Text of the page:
“Proper clown noses and shoes can’t be found here; they are imported from the United States,” Tee says, stacking boxes of “noses” on the table.
“These ‘noses’ are moulds of human noses and come in at least 100 different sizes. They cost about RM85 each but last for years.
“However, many clowns come back to buy new noses from me because of ‘running noses’ (they lose the noses).”
A complete clown costume can cost at least RM3,500 but usually, the investment can be recovered after several performances.
According to Tee, clowns used to charge about RM600 per party but now some just charge RM250 and walk around in their costumes, twisting balloons.
Others may work for companies on a contract basis, and earn between RM2,000 and RM3,000 a month.
But what keeps Tee motivated is his desire to help others as he frequently performs for community events and trains those who want to clown for this purpose.
Of wine and the fine life
If clowning around is not your cup of tea, how about a glass of wine?
“One of the first things you learn in wine tasting is recognising the aroma,” says HTC in Asia Sdn Bhd director of research and development and consultant trainer, Bruno Casassus, as he opens an aroma bottle for me.
“Take this for instance, can you smell the strawberry scent?”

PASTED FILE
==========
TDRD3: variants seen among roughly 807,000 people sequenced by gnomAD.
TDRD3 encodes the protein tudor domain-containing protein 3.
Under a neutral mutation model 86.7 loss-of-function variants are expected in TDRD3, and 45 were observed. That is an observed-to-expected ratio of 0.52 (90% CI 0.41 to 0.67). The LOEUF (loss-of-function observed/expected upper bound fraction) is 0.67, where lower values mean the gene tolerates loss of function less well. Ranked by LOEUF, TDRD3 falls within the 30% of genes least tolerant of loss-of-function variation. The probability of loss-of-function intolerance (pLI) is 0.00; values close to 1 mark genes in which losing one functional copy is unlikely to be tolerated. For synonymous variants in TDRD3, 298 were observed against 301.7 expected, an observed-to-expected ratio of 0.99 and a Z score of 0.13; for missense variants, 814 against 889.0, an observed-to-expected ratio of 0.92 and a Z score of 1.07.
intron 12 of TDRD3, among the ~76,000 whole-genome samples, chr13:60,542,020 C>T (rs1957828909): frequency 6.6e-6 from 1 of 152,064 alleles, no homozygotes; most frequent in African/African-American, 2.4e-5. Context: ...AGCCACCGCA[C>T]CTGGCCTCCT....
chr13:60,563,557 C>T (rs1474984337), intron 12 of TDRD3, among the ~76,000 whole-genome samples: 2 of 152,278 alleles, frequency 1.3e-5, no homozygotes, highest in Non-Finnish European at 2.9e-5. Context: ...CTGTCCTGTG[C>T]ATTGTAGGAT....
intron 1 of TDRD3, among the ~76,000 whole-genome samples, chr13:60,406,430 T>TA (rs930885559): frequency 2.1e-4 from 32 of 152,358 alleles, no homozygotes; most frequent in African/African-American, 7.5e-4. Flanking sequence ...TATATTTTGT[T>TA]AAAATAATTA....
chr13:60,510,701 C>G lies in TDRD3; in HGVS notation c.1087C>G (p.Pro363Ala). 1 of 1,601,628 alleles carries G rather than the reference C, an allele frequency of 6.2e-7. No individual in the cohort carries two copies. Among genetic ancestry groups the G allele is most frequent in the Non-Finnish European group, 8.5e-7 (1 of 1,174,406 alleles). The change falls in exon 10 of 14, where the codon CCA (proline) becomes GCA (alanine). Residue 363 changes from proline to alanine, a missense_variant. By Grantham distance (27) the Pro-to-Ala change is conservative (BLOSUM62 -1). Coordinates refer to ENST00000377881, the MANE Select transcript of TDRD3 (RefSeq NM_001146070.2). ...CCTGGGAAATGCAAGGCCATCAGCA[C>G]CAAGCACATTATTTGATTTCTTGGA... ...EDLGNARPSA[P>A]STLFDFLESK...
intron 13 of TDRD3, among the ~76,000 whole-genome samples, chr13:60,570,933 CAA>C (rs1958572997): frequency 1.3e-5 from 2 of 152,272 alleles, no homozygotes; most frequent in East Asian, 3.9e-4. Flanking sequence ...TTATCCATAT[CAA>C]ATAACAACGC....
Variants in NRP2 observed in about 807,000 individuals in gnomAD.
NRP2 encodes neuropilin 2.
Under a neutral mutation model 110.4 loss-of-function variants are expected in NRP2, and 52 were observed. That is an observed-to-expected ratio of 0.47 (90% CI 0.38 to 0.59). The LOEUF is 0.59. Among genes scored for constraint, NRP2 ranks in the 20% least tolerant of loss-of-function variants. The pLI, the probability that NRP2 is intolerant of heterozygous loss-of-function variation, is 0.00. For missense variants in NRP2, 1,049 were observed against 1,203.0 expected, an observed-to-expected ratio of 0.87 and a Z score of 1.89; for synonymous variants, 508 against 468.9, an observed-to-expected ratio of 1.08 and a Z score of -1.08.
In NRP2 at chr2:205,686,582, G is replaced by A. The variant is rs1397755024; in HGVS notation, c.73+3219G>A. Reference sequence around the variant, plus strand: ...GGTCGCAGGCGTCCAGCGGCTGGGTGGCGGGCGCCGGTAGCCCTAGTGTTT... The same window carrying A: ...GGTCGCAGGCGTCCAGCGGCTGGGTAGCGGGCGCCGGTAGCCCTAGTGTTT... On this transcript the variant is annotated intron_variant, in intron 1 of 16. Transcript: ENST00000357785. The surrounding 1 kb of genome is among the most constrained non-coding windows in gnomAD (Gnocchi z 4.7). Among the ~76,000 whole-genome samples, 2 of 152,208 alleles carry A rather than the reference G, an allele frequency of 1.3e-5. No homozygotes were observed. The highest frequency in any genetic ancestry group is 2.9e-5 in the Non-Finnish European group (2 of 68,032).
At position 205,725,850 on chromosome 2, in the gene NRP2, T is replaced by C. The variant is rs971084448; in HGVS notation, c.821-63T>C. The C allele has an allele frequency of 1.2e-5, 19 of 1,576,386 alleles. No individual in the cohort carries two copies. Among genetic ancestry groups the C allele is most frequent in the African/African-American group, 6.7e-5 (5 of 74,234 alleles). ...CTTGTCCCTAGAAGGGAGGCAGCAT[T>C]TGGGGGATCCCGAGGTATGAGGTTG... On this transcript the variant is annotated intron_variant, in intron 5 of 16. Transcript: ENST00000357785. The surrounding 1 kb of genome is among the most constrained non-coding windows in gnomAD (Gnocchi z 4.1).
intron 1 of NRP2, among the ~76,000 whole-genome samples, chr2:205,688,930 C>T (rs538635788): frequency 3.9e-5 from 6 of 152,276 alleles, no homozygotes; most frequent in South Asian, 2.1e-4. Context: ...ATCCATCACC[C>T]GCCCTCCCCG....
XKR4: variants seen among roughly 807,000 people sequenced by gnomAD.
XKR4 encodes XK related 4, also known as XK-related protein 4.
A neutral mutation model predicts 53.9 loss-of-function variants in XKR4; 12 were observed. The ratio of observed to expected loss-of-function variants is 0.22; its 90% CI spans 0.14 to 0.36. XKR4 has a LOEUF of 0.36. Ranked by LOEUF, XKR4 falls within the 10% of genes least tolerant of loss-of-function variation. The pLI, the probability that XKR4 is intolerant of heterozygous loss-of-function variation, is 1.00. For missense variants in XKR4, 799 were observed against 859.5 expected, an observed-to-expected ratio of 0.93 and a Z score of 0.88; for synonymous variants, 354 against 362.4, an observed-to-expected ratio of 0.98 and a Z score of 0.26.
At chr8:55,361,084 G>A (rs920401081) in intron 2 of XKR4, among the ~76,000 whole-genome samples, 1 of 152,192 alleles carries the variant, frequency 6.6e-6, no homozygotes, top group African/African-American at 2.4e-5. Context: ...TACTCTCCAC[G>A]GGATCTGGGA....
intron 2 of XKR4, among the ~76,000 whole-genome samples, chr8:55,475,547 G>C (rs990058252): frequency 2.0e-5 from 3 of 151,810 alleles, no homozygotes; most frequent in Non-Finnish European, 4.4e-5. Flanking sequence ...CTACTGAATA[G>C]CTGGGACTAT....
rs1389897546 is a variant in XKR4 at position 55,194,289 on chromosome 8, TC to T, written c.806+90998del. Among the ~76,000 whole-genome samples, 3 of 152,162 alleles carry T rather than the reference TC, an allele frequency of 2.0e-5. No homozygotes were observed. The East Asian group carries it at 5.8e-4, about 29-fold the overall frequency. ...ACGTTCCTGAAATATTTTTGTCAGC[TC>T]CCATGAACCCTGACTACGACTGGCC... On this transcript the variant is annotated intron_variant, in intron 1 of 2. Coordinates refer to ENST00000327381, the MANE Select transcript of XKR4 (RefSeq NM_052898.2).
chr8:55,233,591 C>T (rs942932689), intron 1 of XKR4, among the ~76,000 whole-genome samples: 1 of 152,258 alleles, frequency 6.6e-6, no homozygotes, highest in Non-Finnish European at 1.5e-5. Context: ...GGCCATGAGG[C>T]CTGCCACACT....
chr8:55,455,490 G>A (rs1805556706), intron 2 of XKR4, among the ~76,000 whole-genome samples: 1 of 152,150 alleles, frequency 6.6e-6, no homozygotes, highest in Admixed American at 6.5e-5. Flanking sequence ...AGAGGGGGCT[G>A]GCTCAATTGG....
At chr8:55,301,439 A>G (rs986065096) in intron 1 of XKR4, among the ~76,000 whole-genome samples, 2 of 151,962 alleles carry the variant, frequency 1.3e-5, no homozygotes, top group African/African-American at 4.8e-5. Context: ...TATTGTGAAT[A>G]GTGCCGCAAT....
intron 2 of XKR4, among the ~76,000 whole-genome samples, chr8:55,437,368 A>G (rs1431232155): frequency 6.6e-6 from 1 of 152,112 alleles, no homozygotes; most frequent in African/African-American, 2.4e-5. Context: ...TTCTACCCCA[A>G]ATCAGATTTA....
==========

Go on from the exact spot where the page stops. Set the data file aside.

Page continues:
Casassus is an instructor for HTC’s sommelier programme, which is a six-day course comprising three modules, held over a span of three months.
It is attended by those working in the hospitality and food and beverage industries as well as wine aficionados.
“During the course, we taste about six to 10 wines everyday,” Casassus explains.
“For me, to ‘feel’ the wine is important.
“I believe wine is to be enjoyed as wine and pleasure are intimately related.”
In the first module, participants learn about the rules and regulations of wine making €“ yes, wines can be governed by law, especially Old World wines produced in France, Italy, Spain and Portugal.
“In France, you need to use certain methods and ingredients to achieve an appellation, and these are written out clearly,” Casassus explains.
“For example, Pauillac wines must be made from grapes in the village of Pauillac. If you use other grapes and call it Pauillac wine, you can be sued or jailed.”
Participants will also be exposed to wine-tasting techniques, and learn about the differences between wines of various countries, wine storage, and food and wine pairings.
Casassus admits that he tailors his courses to the local environment and market.
“I won’t teach about New World wines in France because the French are very proud of their wines,” he says.
“But in Malaysia, I have to talk about temperature and a larger diaspora of wines.”
He also conducts training for hotels and wine importers who want to know how to serve, display and sell wines.